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Malaysian Bar PII Scheme Did You Know?

…innocent partners within the firm will be protected and covered in a claim involving misconduct?
Dishonest and fraudulent conduct by any member of a Firm is detrimental to any law practice; even more so when it involves the misappropriation of client’s money.  Misconduct is defined in Clause 35(i) of the 2014 Certificate of Insurance (“COI”) to mean a dishonest or fraudulent conduct in the discharge of his duties.
Clause 11 of the COI protects the innocent partners of the Insured Practice (“IP”) against any claim arising out of misconduct subject to the following provisions:
  1. The maximum amount indemnified for misconduct-claims is RM350,000 or the Firm’s Mandatory limit, whichever is the lower;
  2. The IP, at the request of the Insurer, will take all reasonable steps to obtain reimbursement from any party to such misconduct or the party’s legal representatives;
  3. The IP agrees that all monies recovered is to be paid to the Insurer up to, but not exceeding the amounts paid out by the Insurer in respect of that claim;
  4. At the time of the misconduct, the principal who committed such misconduct, was practising as a genuine principal of, and carrying on practice in common with other principals of the Firm.  (Clause 35(n) COI defines “principal” as a person who, at any time is or was a partner of the Firm; or a person who is the sole practitioner of the Firm).
Furthermore, under Clause 11(e) COI, Insurers will ONLY indemnify a firm or its employees for claims involving misconduct provided the following risk management procedures are satisfied:
  1. Entries in the client cashbook and client ledger of each branch maintained pursuant to Rule 11(2) of the Solicitors’ Account Rules were copied and exchanged;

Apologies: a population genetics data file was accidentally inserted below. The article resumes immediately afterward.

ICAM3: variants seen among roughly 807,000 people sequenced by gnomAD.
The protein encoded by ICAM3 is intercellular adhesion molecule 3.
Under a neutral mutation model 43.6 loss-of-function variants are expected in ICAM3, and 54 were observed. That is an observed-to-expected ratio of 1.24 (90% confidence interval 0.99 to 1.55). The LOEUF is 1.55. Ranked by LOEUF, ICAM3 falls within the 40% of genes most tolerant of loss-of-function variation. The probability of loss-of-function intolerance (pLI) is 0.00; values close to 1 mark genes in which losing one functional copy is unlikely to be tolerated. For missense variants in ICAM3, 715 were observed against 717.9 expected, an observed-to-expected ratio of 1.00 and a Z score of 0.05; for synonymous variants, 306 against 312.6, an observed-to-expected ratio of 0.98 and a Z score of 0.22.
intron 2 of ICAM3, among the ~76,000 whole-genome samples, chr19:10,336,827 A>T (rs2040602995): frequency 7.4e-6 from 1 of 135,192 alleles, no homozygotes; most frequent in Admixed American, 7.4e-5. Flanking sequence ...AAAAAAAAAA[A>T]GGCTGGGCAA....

2. Bank statements of client accounts and office account of each branch office are sent by its bank direct to the principal office as well as branch office;
  3. All transactions involving client bank accounts must have two (2) signatories except to stop operation of an account or the cancellation of any transaction where one (1) signatory will suffice; and In all other respects the Firm complies with the Solicitors’ Account Rules 1990 and the Accountants’ Report Rules (as amended from time-to-time).
Ben & Jerry is a Kuala Lumpur law firm, with one branch office in Selangor.  Ben manages the KL branch while his only partner, Jerry, manages the Selangor branch.  All banking transactions, including office and client accounts are handled separately – in fact the principal KL office does not receive any copies of any banking transactions of its Selangor’s branch.  A claim is made against the Firm and upon investigation it is revealed that Jerry was siphoning of client’s money.  In order for Ben to secure coverage under Clause 11 COI he would have to demonstrate among others, compliance with Clause 11(e) of the COI in particular.  And based on the facts prima facie, Ben would be in breach of Clause 11 (e)(i) & (ii) which entitles Insurers to decline the claim.
Jerry however, would not be able to seek protection under the COI as he is the party who committed the act which is against public policy and is specifically excluded under Clause 32(e) of the COI: “any liability directly or indirectly caused by or contributed to by or arising from or in respect of misconduct (except as provided in Clause 11)”.
NB: Under the Mandatory PII Scheme, cover is subject always to terms, exclusions, limitations and conditions of the relevant Certificate of Insurance.
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This article was previously published in Jurisk! (June 2012).  It has been updated to reflect the changes in the 2014 Certificate of Insurance.